In many cases, chronic pain can be caused by high levels of systemic inflammation. This means that trying your best to increase anti-inflammatory foods and decrease inflammatory foods in your diet is very important.

Anti-inflammatory foods to INCREASE:

• Fatty fish (meaning high in omega-3s) including salmon, sardines, mackerel, herring, trout
• Raw olive oil
• Nuts/seeds (walnuts, ground flaxseeds, chia seeds, hemp seeds)
• Leafy green vegetables (spinach, Swiss chard, bok choy, broccoli, collard greens)
• Berries (blueberries, blackberries, strawberries)
• Spices and herbs (turmeric, ginger, cinnamon, garlic)
Inflammatory foods to AVOID:
• Artificial sugars (soft drinks, fruit juices with added sugars)
• Refined grains (white bread, pasta, cereals, pastries)
• Fried foods
• Processed meats (bacon, lunch meats, cured meats)
• Alcohol

It can be hard to know what to cook or eat when dealing with chronic pain. Cooking can take a lot of time and exhaust you even further.
When working with Dr. Madeleine, she will create a customized nutrition plan for you, that is both manageable and sustainable for you and your needs.

2. Optimize your sleep by practicing sleep hygiene techniques.

The relationship between sleep and chronic pain is a complicated one. This is because chronic pain often causes sleep issues, while a lack of sleep leads to worsening of pain.

Studies have shown that a lack of sufficient sleep and poor sleep quality are risk factors for developing chronic pain. Why? Several mechanisms have been considered, one being the effects of sleep deprivation on the opioid system (our pain regulation system). It has been shown that sleep disruption impairs our body’s ability to turn off pain signals.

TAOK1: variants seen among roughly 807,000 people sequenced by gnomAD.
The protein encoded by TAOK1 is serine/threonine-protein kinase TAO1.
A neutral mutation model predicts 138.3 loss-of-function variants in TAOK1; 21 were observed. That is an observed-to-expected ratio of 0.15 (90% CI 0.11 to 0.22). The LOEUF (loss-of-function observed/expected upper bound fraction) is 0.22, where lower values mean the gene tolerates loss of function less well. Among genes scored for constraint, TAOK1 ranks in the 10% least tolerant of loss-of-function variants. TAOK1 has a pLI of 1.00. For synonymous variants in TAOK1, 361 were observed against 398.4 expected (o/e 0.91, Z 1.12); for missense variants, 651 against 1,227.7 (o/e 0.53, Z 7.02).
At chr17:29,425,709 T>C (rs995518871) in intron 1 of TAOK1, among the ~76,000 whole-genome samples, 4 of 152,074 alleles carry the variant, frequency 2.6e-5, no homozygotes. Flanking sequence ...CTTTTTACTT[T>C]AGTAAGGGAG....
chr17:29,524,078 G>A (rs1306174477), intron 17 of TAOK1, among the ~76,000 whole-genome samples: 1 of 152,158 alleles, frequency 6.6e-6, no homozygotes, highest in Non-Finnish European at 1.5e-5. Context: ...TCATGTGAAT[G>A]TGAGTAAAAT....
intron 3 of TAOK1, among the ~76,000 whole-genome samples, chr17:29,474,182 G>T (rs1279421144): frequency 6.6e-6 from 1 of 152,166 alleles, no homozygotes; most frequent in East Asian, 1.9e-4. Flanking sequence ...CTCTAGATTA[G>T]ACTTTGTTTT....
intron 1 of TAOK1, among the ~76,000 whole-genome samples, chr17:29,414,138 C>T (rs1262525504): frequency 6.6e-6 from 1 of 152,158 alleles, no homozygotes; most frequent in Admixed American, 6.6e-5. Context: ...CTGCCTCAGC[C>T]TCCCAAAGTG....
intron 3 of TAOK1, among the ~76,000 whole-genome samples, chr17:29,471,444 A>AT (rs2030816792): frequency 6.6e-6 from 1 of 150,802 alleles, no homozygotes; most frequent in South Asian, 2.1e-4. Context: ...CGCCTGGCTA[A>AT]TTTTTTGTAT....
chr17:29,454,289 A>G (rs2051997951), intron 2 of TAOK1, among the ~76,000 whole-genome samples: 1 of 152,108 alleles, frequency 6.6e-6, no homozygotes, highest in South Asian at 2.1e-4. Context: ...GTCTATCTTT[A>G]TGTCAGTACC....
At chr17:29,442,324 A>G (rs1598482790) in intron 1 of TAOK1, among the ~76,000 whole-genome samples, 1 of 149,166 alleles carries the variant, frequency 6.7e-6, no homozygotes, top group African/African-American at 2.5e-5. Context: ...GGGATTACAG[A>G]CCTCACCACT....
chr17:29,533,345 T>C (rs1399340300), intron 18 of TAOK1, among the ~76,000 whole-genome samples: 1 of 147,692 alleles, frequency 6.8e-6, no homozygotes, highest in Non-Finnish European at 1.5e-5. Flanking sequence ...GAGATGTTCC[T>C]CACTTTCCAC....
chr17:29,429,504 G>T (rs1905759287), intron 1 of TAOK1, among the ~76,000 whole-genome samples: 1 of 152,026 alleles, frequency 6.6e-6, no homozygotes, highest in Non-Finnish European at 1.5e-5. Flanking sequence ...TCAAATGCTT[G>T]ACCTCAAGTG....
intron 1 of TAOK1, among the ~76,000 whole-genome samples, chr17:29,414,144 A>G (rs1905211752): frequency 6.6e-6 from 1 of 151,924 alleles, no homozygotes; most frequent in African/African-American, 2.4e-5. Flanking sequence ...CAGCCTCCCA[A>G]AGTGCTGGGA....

Where can we get started?

Sleep hygiene, a fancy way of saying healthy sleep habits, is very important to ensure our bodies are resting and recovering over night. Research has shown that daily pain intensity is correlated to the quality and duration of sleep from the night before.
It is so important to ensure you are getting a good night’s rest, and as Naturopathic Doctors, there is a lot we can do to help you optimize sleep. Try starting with this.

Sleep hygiene techniques:

• Set up a sleep routine: consistent bedtime and wake time every day of the week, consistent length of naps if needed
• Create a comfortable sleep environment: a dark and quiet room with a pleasant temperature, mattress and pillow that are comfortable for you
• Calming habits before bed: reading a book, listening to relaxing music, practicing yoga/meditation, taking a warm bath, journaling, etc.
• Use bedroom for sleep and intimacy only. Ideally, your office and social spaces should be separate from your bedroom.
• Avoid before bed: caffeine, alcohol, large meals, simulating activities (watching TV, using your phone/computer, all of which use blue-light which negatively impacts our sleep)

3. Manage your stress levels as best as you can.

Stress has a profound effect on chronic pain, and high levels of persistent stress have been associated with worsening of pain levels. This is in part due to our stress hormone, cortisol, that when released for prolonged periods causes inflammation and heightens our stress response – the opposite of what we want it to do. We want it to regulate our stress response in a balanced way. When our bodies go through this chronic stress response, the pain we experience is significantly worsened.